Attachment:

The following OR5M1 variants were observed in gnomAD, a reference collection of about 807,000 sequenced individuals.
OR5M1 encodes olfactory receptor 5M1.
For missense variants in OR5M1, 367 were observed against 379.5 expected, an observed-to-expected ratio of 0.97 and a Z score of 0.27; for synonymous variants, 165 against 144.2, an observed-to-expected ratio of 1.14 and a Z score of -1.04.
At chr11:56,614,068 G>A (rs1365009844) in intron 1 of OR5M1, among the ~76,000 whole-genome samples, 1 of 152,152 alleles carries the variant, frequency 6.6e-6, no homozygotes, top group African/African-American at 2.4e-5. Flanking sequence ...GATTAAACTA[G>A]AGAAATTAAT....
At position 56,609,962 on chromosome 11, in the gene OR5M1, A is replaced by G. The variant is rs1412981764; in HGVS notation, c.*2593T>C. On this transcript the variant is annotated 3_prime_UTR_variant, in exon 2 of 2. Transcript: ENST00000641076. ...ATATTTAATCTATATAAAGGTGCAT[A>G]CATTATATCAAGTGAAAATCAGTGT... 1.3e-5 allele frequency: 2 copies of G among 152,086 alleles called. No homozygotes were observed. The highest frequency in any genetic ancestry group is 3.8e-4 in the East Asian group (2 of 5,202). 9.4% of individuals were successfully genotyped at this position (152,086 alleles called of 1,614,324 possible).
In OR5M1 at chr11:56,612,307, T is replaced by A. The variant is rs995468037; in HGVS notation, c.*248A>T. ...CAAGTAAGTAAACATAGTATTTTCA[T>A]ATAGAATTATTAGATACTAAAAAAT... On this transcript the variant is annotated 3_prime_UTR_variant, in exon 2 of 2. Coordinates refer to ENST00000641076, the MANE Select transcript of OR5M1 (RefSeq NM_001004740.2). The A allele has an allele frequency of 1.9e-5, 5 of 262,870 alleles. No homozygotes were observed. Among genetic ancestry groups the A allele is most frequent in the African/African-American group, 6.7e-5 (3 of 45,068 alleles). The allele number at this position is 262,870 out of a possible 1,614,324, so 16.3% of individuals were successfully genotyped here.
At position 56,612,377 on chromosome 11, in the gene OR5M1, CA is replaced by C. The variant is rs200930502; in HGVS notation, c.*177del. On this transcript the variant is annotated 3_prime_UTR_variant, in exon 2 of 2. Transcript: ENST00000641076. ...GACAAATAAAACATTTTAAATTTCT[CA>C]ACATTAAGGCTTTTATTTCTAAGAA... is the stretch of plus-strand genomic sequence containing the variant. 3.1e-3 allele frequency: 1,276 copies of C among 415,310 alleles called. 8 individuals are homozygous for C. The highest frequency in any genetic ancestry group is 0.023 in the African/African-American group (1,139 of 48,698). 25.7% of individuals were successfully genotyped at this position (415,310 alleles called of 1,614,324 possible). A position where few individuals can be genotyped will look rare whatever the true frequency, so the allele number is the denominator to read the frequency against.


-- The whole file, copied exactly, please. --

The following OR5M1 variants were observed in gnomAD, a reference collection of about 807,000 sequenced individuals.
OR5M1 encodes olfactory receptor 5M1.
For missense variants in OR5M1, 367 were observed against 379.5 expected, an observed-to-expected ratio of 0.97 and a Z score of 0.27; for synonymous variants, 165 against 144.2, an observed-to-expected ratio of 1.14 and a Z score of -1.04.
At chr11:56,614,068 G>A (rs1365009844) in intron 1 of OR5M1, among the ~76,000 whole-genome samples, 1 of 152,152 alleles carries the variant, frequency 6.6e-6, no homozygotes, top group African/African-American at 2.4e-5. Flanking sequence ...GATTAAACTA[G>A]AGAAATTAAT....
At position 56,609,962 on chromosome 11, in the gene OR5M1, A is replaced by G. The variant is rs1412981764; in HGVS notation, c.*2593T>C. On this transcript the variant is annotated 3_prime_UTR_variant, in exon 2 of 2. Transcript: ENST00000641076. ...ATATTTAATCTATATAAAGGTGCAT[A>G]CATTATATCAAGTGAAAATCAGTGT... 1.3e-5 allele frequency: 2 copies of G among 152,086 alleles called. No homozygotes were observed. The highest frequency in any genetic ancestry group is 3.8e-4 in the East Asian group (2 of 5,202). 9.4% of individuals were successfully genotyped at this position (152,086 alleles called of 1,614,324 possible).
In OR5M1 at chr11:56,612,307, T is replaced by A. The variant is rs995468037; in HGVS notation, c.*248A>T. ...CAAGTAAGTAAACATAGTATTTTCA[T>A]ATAGAATTATTAGATACTAAAAAAT... On this transcript the variant is annotated 3_prime_UTR_variant, in exon 2 of 2. Coordinates refer to ENST00000641076, the MANE Select transcript of OR5M1 (RefSeq NM_001004740.2). The A allele has an allele frequency of 1.9e-5, 5 of 262,870 alleles. No homozygotes were observed. Among genetic ancestry groups the A allele is most frequent in the African/African-American group, 6.7e-5 (3 of 45,068 alleles). The allele number at this position is 262,870 out of a possible 1,614,324, so 16.3% of individuals were successfully genotyped here.
At position 56,612,377 on chromosome 11, in the gene OR5M1, CA is replaced by C. The variant is rs200930502; in HGVS notation, c.*177del. On this transcript the variant is annotated 3_prime_UTR_variant, in exon 2 of 2. Transcript: ENST00000641076. ...GACAAATAAAACATTTTAAATTTCT[CA>C]ACATTAAGGCTTTTATTTCTAAGAA... is the stretch of plus-strand genomic sequence containing the variant. 3.1e-3 allele frequency: 1,276 copies of C among 415,310 alleles called. 8 individuals are homozygous for C. The highest frequency in any genetic ancestry group is 0.023 in the African/African-American group (1,139 of 48,698). 25.7% of individuals were successfully genotyped at this position (415,310 alleles called of 1,614,324 possible). A position where few individuals can be genotyped will look rare whatever the true frequency, so the allele number is the denominator to read the frequency against.